In relation to the idea of digital preservation, I thought it would be interesting to look at some of the ways libraries at UW are ensuring their materials are transitioning into the digital realm.
Professor Cool had a tiny mustache and a great name: http://t.co/3zyEqHAPpR
— UWDigitalCollections (@UWDigiCollec) January 24, 2014
While some may argue the usefulness of such resources, I recognize that I have a much clearer picture of the scope of the UW collection, just based on the few humorous tweets they post everyday. And for those of you who may not prefer Twitter, there is a UW digital collections Facebook page as well: https://www.facebook.com/UWDigiCollec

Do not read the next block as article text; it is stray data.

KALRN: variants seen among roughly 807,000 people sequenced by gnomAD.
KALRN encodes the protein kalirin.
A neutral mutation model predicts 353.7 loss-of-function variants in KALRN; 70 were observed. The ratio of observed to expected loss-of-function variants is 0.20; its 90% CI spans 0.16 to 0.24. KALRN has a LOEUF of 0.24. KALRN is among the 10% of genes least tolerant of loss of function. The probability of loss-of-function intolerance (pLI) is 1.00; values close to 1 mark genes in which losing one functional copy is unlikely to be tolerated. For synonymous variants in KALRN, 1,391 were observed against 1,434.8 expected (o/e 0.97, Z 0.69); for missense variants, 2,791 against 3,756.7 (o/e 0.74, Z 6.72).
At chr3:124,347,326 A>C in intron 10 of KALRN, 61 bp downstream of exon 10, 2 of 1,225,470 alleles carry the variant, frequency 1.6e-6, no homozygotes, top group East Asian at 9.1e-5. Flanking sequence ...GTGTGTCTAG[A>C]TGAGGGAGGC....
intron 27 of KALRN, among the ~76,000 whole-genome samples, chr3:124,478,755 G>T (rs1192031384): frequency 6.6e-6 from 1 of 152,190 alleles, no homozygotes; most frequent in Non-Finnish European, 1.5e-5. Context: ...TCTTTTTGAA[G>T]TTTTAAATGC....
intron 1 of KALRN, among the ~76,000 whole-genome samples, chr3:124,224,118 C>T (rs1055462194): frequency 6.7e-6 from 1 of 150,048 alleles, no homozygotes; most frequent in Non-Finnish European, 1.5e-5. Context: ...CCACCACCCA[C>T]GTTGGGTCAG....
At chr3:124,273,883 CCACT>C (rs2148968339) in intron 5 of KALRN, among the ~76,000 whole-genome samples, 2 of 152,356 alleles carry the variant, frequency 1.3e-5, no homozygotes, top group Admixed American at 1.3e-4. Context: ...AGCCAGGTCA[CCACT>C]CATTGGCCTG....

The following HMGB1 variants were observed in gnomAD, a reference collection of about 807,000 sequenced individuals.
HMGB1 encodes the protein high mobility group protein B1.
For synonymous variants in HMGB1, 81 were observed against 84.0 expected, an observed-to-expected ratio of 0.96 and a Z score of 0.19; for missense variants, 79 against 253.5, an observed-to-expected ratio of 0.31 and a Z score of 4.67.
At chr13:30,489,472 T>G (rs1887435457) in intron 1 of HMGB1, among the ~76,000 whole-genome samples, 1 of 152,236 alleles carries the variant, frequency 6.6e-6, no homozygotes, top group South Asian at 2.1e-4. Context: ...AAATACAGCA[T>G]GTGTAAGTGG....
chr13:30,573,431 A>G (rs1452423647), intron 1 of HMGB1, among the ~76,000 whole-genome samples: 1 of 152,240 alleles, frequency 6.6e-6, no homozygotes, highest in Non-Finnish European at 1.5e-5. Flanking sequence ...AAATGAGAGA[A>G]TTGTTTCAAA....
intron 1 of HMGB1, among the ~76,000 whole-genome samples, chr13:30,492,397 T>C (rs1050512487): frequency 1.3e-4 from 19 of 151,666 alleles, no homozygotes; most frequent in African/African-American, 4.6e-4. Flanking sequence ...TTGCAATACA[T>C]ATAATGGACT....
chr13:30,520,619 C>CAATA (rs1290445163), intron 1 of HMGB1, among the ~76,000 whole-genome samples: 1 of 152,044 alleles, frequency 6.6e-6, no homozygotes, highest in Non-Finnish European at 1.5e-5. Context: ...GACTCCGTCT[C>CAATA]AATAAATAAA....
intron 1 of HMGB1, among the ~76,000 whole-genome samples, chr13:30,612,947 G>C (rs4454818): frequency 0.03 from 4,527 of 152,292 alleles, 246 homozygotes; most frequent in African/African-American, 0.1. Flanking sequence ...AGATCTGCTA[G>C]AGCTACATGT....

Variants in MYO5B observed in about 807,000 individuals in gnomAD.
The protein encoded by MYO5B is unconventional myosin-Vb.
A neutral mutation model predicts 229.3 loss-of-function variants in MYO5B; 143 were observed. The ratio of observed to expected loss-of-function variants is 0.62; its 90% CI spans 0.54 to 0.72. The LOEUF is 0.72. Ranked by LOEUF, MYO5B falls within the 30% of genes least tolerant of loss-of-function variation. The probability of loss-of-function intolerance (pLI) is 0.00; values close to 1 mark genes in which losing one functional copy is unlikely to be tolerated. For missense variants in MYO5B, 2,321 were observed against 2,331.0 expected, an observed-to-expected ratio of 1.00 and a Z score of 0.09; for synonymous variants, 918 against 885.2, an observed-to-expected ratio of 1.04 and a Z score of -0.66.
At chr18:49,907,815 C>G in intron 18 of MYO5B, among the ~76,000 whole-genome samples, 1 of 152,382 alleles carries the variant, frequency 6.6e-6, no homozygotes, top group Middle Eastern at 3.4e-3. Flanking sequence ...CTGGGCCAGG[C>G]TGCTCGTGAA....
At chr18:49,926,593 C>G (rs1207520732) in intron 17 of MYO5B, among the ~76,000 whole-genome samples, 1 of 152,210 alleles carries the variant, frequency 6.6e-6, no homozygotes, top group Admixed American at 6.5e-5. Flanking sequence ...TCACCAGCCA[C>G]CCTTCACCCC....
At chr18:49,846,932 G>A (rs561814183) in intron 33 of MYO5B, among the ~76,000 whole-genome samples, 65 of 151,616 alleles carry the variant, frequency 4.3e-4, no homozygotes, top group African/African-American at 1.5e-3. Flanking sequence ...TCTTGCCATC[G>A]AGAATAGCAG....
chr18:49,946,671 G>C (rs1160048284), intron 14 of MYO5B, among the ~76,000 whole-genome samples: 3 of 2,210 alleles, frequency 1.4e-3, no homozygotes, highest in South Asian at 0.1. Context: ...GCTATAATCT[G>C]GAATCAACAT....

Along with the Twitter feed, I came across this article from UW-News about the Robinson Map Library, which is housed in the Science Hall on UW-Madison's campus.
The article profiles Jaime Stoltenberg, and her library's collection of aerial photos, maps, and data from various governmental surveys. What I found refreshing about Stoltenberg's attitude towards digitization of materials was a quote near the end of the article:
"Going forward, Stoltenberg is working on a project to make the library’s data collections downloadable so students can more easily access the information, such as assessment data and tax parcels. “(It) kind of defeats the purpose of born-digital data when you really think about it, someone having to be a gatekeeper,” she says."
There are many more examples of libraries at UW-Madison digitizing materials, which just goes to support the shifting nature of digital preservation.